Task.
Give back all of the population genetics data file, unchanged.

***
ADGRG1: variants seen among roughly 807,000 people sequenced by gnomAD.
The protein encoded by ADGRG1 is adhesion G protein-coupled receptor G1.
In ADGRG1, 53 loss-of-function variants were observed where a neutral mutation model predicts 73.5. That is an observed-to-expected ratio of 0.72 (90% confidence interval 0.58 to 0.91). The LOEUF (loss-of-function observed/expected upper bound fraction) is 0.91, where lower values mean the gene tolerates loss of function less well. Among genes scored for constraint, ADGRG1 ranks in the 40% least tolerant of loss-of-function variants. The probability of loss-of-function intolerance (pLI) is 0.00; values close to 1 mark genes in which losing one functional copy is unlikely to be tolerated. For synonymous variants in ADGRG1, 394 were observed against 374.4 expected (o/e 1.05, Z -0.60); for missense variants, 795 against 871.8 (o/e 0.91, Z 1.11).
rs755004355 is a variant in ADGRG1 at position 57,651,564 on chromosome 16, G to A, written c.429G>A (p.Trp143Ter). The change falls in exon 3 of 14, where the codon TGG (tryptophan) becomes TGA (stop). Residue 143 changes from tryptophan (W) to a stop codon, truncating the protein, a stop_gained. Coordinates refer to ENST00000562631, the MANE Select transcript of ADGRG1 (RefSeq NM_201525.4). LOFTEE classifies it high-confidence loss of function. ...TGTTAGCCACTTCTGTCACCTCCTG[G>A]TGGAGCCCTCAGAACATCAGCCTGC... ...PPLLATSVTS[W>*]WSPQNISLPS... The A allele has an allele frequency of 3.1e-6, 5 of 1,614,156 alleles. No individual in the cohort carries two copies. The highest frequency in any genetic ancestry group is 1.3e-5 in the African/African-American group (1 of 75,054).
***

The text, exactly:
ADGRG1: variants seen among roughly 807,000 people sequenced by gnomAD.
The protein encoded by ADGRG1 is adhesion G protein-coupled receptor G1.
In ADGRG1, 53 loss-of-function variants were observed where a neutral mutation model predicts 73.5. That is an observed-to-expected ratio of 0.72 (90% confidence interval 0.58 to 0.91). The LOEUF (loss-of-function observed/expected upper bound fraction) is 0.91, where lower values mean the gene tolerates loss of function less well. Among genes scored for constraint, ADGRG1 ranks in the 40% least tolerant of loss-of-function variants. The probability of loss-of-function intolerance (pLI) is 0.00; values close to 1 mark genes in which losing one functional copy is unlikely to be tolerated. For synonymous variants in ADGRG1, 394 were observed against 374.4 expected (o/e 1.05, Z -0.60); for missense variants, 795 against 871.8 (o/e 0.91, Z 1.11).
rs755004355 is a variant in ADGRG1 at position 57,651,564 on chromosome 16, G to A, written c.429G>A (p.Trp143Ter). The change falls in exon 3 of 14, where the codon TGG (tryptophan) becomes TGA (stop). Residue 143 changes from tryptophan (W) to a stop codon, truncating the protein, a stop_gained. Coordinates refer to ENST00000562631, the MANE Select transcript of ADGRG1 (RefSeq NM_201525.4). LOFTEE classifies it high-confidence loss of function. ...TGTTAGCCACTTCTGTCACCTCCTG[G>A]TGGAGCCCTCAGAACATCAGCCTGC... ...PPLLATSVTS[W>*]WSPQNISLPS... The A allele has an allele frequency of 3.1e-6, 5 of 1,614,156 alleles. No individual in the cohort carries two copies. The highest frequency in any genetic ancestry group is 1.3e-5 in the African/African-American group (1 of 75,054).